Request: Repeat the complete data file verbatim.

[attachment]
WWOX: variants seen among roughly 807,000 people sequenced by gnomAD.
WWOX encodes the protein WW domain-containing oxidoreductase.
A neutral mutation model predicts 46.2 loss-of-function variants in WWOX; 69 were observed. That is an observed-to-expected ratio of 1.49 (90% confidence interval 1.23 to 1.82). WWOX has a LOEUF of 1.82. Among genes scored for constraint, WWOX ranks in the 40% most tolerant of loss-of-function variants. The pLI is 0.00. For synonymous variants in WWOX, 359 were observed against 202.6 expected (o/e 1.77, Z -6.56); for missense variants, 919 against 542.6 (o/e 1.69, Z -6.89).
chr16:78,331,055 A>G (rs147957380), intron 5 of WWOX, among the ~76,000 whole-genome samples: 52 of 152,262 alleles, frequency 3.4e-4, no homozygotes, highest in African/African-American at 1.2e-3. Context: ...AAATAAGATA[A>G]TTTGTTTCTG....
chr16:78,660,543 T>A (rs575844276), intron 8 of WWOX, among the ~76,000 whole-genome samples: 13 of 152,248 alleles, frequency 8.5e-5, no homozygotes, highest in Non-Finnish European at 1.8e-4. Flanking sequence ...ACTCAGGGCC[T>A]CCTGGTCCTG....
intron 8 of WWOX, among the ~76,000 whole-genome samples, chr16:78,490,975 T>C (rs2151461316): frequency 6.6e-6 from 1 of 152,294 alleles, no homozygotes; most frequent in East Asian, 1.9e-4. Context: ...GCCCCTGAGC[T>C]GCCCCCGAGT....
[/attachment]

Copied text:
WWOX: variants seen among roughly 807,000 people sequenced by gnomAD.
WWOX encodes the protein WW domain-containing oxidoreductase.
A neutral mutation model predicts 46.2 loss-of-function variants in WWOX; 69 were observed. That is an observed-to-expected ratio of 1.49 (90% confidence interval 1.23 to 1.82). WWOX has a LOEUF of 1.82. Among genes scored for constraint, WWOX ranks in the 40% most tolerant of loss-of-function variants. The pLI is 0.00. For synonymous variants in WWOX, 359 were observed against 202.6 expected (o/e 1.77, Z -6.56); for missense variants, 919 against 542.6 (o/e 1.69, Z -6.89).
chr16:78,331,055 A>G (rs147957380), intron 5 of WWOX, among the ~76,000 whole-genome samples: 52 of 152,262 alleles, frequency 3.4e-4, no homozygotes, highest in African/African-American at 1.2e-3. Context: ...AAATAAGATA[A>G]TTTGTTTCTG....
chr16:78,660,543 T>A (rs575844276), intron 8 of WWOX, among the ~76,000 whole-genome samples: 13 of 152,248 alleles, frequency 8.5e-5, no homozygotes, highest in Non-Finnish European at 1.8e-4. Flanking sequence ...ACTCAGGGCC[T>A]CCTGGTCCTG....
intron 8 of WWOX, among the ~76,000 whole-genome samples, chr16:78,490,975 T>C (rs2151461316): frequency 6.6e-6 from 1 of 152,294 alleles, no homozygotes; most frequent in East Asian, 1.9e-4. Context: ...GCCCCTGAGC[T>C]GCCCCCGAGT....